This means that, for a large number of rings N = 6.5, the corner cube is a bad one and the beam will diverge after a short distance equal to f=81.81 m. However, for N = 0.196 f becomes equal to f=1269 m, so the corner cube in this case will be equivalent to a negative lens with large focal length, which is very important in the applications that require large distances measurements such as leader. For the case of astronomic measurements, there will be a need to adhere additional lens to the corner cube in such a manner that the focal length increases to assure the nondivergence of the light beam coming back from the corner cube. In this case, the focal lengths of the corner cube and the additional lens are summed together according to the known lens laws. Table 1 shows the number of Newton rings and focal length for each of the cases discussed above.

We conclude that the lesser the number of Newton rings N, the larger the concavity radius r, and the smaller the power . This means that the focal length, which represents the corner cube, becomes larger. As a result, the light beam coming back from the corner cube will not focus rapidly, which is very useful in applications that need large distances (far field). One can draw a curve of the focal length f [m] versus the number of Newton rings N, as it is shown in Figure 4. From this figure, we can see how the focal length increases with the decrease in number of rings. Also one can draw a curve of the Retroreflection index R[M^{2}/Str] versus the focal length of the corner cube f[m], as it is shown in Figure 5.
4. Calculation of Focal Length of Hollow Tetrahedral Corner Cube
When the reflection sides are flat and manufactured using one piece of glass and when using the design and technical specifications that lead usually to high precise spherical surfaces, then the corner cube will have an aberrant optical system such as the other known optical environments with concavity radius r. In this case the corner cube will have a focal length f and power , where = 1/f is approximately calculated as follows [4–8]:where
, , and are the concavity radiuses of other side faces of corner cube.
The value of the focal length may reach many hundreds or thousands of meters when the optical faces are manufactured with high precision. For simplification in designing the geometrical shape, the diameter of the one reflected beam at the source level (without taking the diffraction phenomena into account), for a focal length f of the corner cube, is calculated using the same formulas used for the solid tetrahedral corner cube.
Also we calculate the concavity radiuses , , and for the three lateral surfaces with depths , respectively, so if the light spot on the lateral surfaces is , then the concavity radiuses will be
= ==250m. Substituting in relation (9) taking into account the light incidence direction and the concavity direction at each surface, we obtain
where is the power of the lens in m^{−1} or diopter.
This means that, for a large number of Newton rings N = 6.5, the corner cube is a bad one and the beam will diverge after a short distance equal to f=83.75 m. However, for N = 0.196 f becomes equal to f=1960.9 m, so the corner cube in this case will be equivalent to a negative lens with large focal length, which is very important in the applications that require large distances measurements such as LIDAR. For the case of astronomic measurements, there will be a need to adhere additional lens to the corner cube in such a manner that the focal length increases to assure the nondivergence of the light beam coming back from the corner cube. In this case, the focal lengths of the corner cube and the additional lens are summed together according to the known lens laws. Table 2 shows the number of rings and focal length for each of the cases discussed above.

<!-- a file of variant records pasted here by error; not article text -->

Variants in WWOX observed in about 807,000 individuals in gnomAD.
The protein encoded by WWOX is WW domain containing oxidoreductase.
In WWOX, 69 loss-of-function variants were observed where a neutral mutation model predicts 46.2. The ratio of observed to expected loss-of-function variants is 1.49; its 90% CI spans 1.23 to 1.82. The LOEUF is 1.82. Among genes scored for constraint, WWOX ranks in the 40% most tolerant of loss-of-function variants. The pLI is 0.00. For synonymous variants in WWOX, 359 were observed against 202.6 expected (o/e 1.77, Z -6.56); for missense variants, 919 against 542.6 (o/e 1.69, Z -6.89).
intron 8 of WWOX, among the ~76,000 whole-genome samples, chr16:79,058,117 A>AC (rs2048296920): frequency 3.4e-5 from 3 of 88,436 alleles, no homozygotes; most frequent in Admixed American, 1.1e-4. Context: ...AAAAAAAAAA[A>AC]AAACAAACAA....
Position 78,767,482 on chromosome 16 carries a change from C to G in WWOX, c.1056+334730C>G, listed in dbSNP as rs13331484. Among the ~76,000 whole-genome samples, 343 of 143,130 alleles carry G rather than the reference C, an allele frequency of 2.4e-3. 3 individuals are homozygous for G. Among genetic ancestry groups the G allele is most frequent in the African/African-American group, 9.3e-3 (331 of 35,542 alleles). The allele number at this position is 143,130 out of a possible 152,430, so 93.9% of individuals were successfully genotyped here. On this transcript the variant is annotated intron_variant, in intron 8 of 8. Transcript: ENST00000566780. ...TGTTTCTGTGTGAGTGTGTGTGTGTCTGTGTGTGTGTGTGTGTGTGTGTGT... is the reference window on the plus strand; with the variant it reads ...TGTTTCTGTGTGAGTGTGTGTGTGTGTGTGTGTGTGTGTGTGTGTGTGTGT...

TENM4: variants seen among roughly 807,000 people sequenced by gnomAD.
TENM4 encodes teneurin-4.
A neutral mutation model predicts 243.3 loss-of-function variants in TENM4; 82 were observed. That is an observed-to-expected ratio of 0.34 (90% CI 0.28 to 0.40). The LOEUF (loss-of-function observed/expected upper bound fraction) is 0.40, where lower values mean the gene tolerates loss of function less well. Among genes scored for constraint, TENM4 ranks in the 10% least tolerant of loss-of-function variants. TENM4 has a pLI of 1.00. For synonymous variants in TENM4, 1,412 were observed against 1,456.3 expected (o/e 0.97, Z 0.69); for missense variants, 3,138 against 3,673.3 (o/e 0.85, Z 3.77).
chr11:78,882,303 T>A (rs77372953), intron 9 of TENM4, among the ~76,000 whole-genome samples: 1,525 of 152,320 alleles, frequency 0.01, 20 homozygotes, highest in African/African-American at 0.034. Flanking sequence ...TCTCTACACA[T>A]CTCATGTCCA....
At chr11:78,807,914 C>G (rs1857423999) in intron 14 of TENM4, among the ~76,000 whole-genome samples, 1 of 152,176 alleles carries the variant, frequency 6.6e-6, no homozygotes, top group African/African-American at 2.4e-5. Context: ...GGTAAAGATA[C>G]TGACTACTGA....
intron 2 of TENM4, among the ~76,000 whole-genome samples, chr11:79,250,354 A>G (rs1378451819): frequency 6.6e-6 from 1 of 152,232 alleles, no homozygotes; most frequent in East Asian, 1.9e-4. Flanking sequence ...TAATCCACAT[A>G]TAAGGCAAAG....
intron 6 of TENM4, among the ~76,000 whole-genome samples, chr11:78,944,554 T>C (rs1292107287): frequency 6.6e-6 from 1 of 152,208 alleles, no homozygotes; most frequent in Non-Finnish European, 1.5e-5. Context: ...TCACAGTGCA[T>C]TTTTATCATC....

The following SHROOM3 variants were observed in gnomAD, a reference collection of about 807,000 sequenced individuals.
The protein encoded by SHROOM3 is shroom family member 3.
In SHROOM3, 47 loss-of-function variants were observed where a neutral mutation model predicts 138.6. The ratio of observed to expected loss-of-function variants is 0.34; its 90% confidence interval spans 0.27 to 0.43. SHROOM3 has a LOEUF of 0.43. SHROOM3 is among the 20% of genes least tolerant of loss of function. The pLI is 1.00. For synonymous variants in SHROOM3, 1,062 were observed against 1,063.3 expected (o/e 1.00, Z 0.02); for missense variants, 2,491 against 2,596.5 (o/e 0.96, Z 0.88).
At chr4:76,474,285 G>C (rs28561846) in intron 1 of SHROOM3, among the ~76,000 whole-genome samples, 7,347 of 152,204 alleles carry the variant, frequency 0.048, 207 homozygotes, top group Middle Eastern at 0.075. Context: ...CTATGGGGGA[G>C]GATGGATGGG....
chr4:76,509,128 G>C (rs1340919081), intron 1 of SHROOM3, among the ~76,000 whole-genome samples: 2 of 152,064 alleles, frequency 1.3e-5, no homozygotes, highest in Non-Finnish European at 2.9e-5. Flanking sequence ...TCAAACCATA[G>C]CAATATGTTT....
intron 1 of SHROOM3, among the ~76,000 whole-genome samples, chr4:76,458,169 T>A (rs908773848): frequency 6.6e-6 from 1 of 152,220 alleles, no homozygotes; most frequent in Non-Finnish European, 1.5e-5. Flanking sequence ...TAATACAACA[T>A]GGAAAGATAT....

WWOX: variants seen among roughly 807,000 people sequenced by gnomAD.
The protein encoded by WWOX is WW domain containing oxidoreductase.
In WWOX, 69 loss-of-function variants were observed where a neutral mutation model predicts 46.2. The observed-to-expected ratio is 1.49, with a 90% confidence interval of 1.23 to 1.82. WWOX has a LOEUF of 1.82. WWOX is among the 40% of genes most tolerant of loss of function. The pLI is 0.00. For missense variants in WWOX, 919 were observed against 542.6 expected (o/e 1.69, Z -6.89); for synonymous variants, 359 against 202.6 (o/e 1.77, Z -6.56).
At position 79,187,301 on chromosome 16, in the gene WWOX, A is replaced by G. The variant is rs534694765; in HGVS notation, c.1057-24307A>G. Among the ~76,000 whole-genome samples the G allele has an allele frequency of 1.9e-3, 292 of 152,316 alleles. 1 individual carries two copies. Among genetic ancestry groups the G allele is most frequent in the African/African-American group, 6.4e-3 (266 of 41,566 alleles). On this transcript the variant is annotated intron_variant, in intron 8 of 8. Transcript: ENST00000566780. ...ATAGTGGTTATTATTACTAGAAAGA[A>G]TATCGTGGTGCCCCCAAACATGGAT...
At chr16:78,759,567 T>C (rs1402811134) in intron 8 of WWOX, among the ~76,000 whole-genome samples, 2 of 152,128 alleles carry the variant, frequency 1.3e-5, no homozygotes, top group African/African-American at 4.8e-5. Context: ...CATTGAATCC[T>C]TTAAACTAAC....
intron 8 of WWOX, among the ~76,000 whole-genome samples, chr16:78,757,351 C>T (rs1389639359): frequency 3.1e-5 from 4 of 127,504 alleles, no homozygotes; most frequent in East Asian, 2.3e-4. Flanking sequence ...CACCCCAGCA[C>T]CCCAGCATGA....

We conclude that if the number of Newton rings N is small the concavity radius r is large, and the power is small. This means that the focal length, which represents the corner cube, becomes larger. As a result the light beam coming back from the corner cube will not focus rapidly, which is very useful in applications that need large distances (far field). One can draw a curve of the focal length f [m] versus the number of Newton rings N, as it is shown in Figure 6. From this figure, we can see how the focal length increases with the decrease in number of rings. Also one can draw a curve of the Retroreflection index R[M^{2}/Str] versus the focal length of the corner cube f[m], as it is shown in Figure 7.
5. Conclusion
The study of the corner cubes has helped as a mean of choosing the tetrahedral corner cube as an optical tool that deserves investigation. In studying the different factors affecting the Retroreflection index of this tool, we have concluded the following:(i)There is a difference in the Retroreflection index between the corner cube coated on the back surface and the noncoated one.(ii)The glass type does not affect the Retroreflection index in the case of a back coated corner cube.(iii)The two factors N and N affect the Retroreflection index. Form the studied Figures 2(a), 2(b), 2(c), and 2(d) we conclude that the Retroreflection index increases with the increases in each of the surface quality N and the surface flatness N. This is because the roughness causes light diffraction, which in turn reduces the amount of the retroflexed light. Also the sphericity of the surface make it plays the role of a negative lens for the large distances. For a large N, the sphericity of the surface increases, so it will play the role of a lens, and the total three reflections seem as the pass of light through many lenses, which in turn will result in focusing the laser beam coming back from the corner cube in the case of large flatness factor. The solution of this problem is to make the surface flatness factor as small as possible during the surface finishing processes of corner cubes, using high precise standard reference surfaces during the inspection and check processes of the quality and flatness of the surfaces. For the case of hollow corner cube, each of the optical surfaces is considered as a spherical refractor, which results also in reaching the Retroreflection light to larger distances than the case of solid corner cube. However, the difficulty in this case is in making the surfaces orthogonal to each other.
Data Availability
The detailed experimental data used to support the findings of this study are available from the corresponding author upon request
Conflicts of Interest
The author declares that they have no conflicts of interest.
Acknowledgments
The author would like to thank Dr. M. Sayem ElDaher of the higher Institute for laser research at Damascus University and Eng. Hisham Alhorani for the assistance they have provided to this work.
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Copyright
Copyright © 2019 Mohammad Saeed Marouf. This is an open access article distributed under the Creative Commons Attribution License, which permits unrestricted use, distribution, and reproduction in any medium, provided the original work is properly cited.